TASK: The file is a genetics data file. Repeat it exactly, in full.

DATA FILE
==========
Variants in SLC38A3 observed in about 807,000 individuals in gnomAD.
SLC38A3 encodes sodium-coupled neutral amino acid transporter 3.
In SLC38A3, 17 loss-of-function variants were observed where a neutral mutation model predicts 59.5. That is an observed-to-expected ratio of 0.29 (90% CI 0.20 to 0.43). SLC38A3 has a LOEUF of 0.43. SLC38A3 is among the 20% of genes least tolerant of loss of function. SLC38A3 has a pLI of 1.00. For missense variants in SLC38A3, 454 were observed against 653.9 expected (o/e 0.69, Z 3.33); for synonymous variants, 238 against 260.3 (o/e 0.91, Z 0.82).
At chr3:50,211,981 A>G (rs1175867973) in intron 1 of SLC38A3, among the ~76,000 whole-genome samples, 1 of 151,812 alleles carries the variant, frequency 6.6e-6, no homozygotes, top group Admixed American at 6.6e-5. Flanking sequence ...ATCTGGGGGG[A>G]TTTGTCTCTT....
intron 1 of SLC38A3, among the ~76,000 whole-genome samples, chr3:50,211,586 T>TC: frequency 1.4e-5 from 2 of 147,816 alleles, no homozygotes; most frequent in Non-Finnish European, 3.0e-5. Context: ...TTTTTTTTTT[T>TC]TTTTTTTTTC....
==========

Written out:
Variants in SLC38A3 observed in about 807,000 individuals in gnomAD.
SLC38A3 encodes sodium-coupled neutral amino acid transporter 3.
In SLC38A3, 17 loss-of-function variants were observed where a neutral mutation model predicts 59.5. That is an observed-to-expected ratio of 0.29 (90% CI 0.20 to 0.43). SLC38A3 has a LOEUF of 0.43. SLC38A3 is among the 20% of genes least tolerant of loss of function. SLC38A3 has a pLI of 1.00. For missense variants in SLC38A3, 454 were observed against 653.9 expected (o/e 0.69, Z 3.33); for synonymous variants, 238 against 260.3 (o/e 0.91, Z 0.82).
At chr3:50,211,981 A>G (rs1175867973) in intron 1 of SLC38A3, among the ~76,000 whole-genome samples, 1 of 151,812 alleles carries the variant, frequency 6.6e-6, no homozygotes, top group Admixed American at 6.6e-5. Flanking sequence ...ATCTGGGGGG[A>G]TTTGTCTCTT....
intron 1 of SLC38A3, among the ~76,000 whole-genome samples, chr3:50,211,586 T>TC: frequency 1.4e-5 from 2 of 147,816 alleles, no homozygotes; most frequent in Non-Finnish European, 3.0e-5. Context: ...TTTTTTTTTT[T>TC]TTTTTTTTTC....